The rules were followed in CM Punjab election in Punjab Assembly says joint report of FAFEN and PILDAT

FAFEN and PILDAT pointed out that the non-implementation of clearly laid down security protocols and rules of procedures led to violence and disorder during CM Punjab election

PILDAT and FAFEN, Independent parliamentary observer groups, have expressed serious concerns at the non-enforcement of clearly laid-out security protocols as envisioned by the Rules of Procedure of the Provincial Assembly of the Punjab 1997 that led to disorder and violence on the floor of the Assembly during the proceedings for the election of the Chief Minister on April 16, 2022.

In a joint statement, Pakistan Institute of Legislative Development and Transparency (PILDAT) and Free and Fair Election Network (FAFEN) said the acts of violence perpetrated by members of the Assembly against the Deputy Speaker, who was presiding over the session as per the orders of the Lahore High Court (LHC), and other distinguished members, are highly condemnable and must be immediately taken cognizance of under the relevant penal provisions.

The unfortunate happenings inside the Punjab Assembly televised live by the media to millions of viewers in Pakistan and abroad emanated largely from negligence by the staff of the Assembly Secretariat who were duty-bound to provide all assistance to the Deputy Speaker in the performance of his responsibilities and to ensure order as per Rule 210 (5) in the absence of the Speaker.
According to the observers, the security officials on the disposal of the Assembly Secretariat were not prepared to counter any untoward situation despite clear directions by the LHC for strict security measures. Despite the disorder with clear signs of escalation before the start of the proceeding, they did not make any visible effort to create an insulation between the protesting members and the Speaker’s dais that allowed a physical attack on the Deputy Speaker. 

The observers also noted the Assembly staff opening the doors of the “Ayes Lobby” to let the strangers along with uniformed secretariat officials in the Assembly Chamber.

 These strangers were also seen resisting the law enforcement personnel who were trying to create a security cordon to protect Speaker’s dais and engaging in scuffles with assembly members. Although Secretariat had announced that visitors would not be allowed on the day of the election, visitors supporting the either side continued to be present and chanting the slogans, many of them were seen by these observers being allowed to enter the floor of the House and stimulating disorder and violence.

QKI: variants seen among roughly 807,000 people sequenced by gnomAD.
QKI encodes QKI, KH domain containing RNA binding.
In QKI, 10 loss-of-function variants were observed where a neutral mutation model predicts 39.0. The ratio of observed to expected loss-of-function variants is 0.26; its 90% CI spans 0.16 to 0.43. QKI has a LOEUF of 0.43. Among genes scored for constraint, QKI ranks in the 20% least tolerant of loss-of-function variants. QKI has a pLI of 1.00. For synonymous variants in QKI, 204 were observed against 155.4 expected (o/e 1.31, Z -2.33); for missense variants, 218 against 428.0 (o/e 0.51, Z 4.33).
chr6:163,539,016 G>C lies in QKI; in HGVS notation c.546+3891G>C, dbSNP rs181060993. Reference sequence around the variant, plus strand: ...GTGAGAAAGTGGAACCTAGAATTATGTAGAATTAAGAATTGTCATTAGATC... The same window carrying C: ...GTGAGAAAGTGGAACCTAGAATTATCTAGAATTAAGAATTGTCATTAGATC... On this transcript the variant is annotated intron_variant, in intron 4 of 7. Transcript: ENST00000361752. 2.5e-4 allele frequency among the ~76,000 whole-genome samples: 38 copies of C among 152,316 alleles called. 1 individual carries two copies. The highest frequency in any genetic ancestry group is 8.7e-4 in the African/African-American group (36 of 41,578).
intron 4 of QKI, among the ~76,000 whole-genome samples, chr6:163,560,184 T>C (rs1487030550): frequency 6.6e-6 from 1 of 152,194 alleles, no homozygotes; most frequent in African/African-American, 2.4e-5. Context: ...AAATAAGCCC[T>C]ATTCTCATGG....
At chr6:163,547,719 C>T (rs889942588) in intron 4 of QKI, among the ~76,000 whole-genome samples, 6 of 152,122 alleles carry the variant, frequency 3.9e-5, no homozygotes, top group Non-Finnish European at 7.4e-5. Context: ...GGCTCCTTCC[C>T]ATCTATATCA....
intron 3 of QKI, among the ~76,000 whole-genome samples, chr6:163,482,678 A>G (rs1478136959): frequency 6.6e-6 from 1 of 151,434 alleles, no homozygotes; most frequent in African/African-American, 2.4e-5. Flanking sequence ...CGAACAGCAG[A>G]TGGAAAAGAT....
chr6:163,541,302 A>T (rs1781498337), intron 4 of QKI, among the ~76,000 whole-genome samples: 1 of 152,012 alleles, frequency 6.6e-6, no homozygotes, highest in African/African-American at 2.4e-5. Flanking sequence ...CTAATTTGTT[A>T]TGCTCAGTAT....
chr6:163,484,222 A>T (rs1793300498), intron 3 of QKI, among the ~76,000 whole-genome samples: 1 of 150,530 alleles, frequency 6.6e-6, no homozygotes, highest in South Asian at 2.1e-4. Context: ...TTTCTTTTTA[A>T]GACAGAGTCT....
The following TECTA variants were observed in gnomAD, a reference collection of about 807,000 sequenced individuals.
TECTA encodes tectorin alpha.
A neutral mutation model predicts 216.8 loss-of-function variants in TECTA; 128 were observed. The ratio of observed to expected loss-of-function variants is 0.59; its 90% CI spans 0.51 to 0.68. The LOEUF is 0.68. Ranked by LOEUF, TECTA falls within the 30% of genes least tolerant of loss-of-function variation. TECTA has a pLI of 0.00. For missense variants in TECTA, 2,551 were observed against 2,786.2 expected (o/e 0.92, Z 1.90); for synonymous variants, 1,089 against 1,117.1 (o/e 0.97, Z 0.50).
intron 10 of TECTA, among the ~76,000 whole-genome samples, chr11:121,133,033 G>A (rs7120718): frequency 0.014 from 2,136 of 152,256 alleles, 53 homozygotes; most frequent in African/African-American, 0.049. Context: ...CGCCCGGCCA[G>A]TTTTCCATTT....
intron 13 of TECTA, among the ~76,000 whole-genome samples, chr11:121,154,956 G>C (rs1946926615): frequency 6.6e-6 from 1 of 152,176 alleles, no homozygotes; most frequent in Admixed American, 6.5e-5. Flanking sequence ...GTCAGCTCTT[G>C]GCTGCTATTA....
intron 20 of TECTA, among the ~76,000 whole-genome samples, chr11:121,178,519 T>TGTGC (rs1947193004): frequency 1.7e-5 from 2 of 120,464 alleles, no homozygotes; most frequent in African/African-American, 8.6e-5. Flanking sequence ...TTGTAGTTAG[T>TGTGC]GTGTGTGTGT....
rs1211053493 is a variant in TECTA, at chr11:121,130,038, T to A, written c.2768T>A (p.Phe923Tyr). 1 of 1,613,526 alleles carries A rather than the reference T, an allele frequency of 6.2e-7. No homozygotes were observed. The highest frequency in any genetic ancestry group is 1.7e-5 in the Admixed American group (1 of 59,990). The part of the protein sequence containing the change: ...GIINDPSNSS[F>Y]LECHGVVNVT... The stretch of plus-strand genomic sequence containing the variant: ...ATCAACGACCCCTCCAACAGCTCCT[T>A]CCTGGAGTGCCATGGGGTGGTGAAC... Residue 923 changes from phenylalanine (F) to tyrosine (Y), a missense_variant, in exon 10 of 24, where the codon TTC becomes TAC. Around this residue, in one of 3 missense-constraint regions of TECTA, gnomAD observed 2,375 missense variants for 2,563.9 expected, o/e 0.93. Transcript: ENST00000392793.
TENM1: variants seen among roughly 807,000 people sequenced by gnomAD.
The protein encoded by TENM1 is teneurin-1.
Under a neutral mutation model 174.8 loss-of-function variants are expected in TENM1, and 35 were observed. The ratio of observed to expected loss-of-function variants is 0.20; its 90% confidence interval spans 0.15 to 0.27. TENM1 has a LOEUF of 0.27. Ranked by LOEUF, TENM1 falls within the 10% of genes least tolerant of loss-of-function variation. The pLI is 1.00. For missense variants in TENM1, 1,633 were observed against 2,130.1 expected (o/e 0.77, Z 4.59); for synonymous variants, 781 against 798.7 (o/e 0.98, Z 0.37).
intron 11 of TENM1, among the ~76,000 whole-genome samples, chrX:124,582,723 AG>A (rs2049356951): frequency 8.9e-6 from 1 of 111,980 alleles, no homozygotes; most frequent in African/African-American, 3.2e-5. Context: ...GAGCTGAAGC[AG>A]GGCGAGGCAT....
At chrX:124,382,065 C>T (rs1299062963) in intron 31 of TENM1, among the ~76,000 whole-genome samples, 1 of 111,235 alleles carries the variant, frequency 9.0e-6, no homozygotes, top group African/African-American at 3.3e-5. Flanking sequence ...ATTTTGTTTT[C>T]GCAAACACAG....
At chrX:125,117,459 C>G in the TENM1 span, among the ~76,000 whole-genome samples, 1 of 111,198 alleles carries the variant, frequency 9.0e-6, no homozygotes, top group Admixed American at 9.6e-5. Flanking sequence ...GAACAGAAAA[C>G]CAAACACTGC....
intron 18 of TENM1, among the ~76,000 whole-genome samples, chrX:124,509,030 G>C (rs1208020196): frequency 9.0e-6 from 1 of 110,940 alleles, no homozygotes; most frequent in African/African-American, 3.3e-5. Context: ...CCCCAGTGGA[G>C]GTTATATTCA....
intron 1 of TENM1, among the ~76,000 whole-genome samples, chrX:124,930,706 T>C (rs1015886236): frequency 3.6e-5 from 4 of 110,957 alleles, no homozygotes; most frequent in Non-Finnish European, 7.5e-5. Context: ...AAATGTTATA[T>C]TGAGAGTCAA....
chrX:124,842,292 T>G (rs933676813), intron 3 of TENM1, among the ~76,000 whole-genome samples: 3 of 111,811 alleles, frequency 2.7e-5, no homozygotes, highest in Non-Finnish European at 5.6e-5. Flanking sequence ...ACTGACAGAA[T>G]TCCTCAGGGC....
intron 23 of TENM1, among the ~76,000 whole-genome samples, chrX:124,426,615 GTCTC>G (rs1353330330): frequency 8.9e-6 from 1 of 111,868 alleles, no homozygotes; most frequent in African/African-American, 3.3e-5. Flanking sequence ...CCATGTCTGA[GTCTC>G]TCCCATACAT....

The observers noted that a contingent comprising hundreds of police personnel entered the floor of the House only after a total breakdown of order due to several hours of inaction by the Assembly’s security staff to vacate the Speaker’s dais from protesting members. Since Rule 14 (3) of the Rules of Procedure of the Provincial Assembly of the Punjab 1997 vests all powers necessary for the purpose of preserving order and decorum in the Speaker, the Acting Speaker sought help from law enforcement agencies to restore order in the House and enable it to carry out its constitutional function of electing the leader of the House, as was also ordered by the LHC.

Notwithstanding the grave disorder, the House met the requirements for the election of the Chief Minister as per Rule 20 and Second Schedule of the Rules of Procedure. However, some parts of the proceedings were inaudible to observers due to protest by treasury members and makeshift sound system in the gallery. 

The Acting Speaker had to preside over the sitting from a gallery as his dais was ransacked. Assembly staff also allowed some treasury members to exit the Assembly chamber before the conclusion of voting process in violation of provisions of the Second Schedule.

The events in Punjab Assembly reflected a failure of multiple layers of regulatory protections and checks that have been instituted to ensure compliance of rules by the Secretariat as well as to deter such incidents by belligerent members. These checks instituted to insulate the functioning of Secretariat from political influences in future.

The observer groups called for transparent investigations through a process decided by the Parliamentary Leaders into the detestable episode in the august House and members who are found to have been involved in an unruly conduct may be proceeded against under the rules of procedure. They also called for a strict action against the concerned officials of the Secretariat for negligence in performing their duties.
In addition, the recent developments in Islamabad and Lahore have also reinforced the need for adequate constitutional protections to ensure that its Articles 66 and 69 are not used to encourage steps that are otherwise ultra vires to clearly laid-out constitutional provisions. Without compromising the supremacy of the elected houses that need to be further strengthened, the observer groups urged the Parliament to also institute sufficient safeguards to protect the sanctity of the Constitution from which all organs of the state including the Parliament draw their legitimacy and powers.
The parliamentary observers thank the honourable Lahore High Court for its directions to the Provincial Assembly of Punjab to facilitate the observation of the election, and the Assembly for providing access.

 Ahmed Bilal Mehboob                                 


Pakistan Institute of Legislative Development & Transparency – PILDAT           

April 18, 2022

 Executive Council


Free and Fair Elections Network –

April 18, 2022


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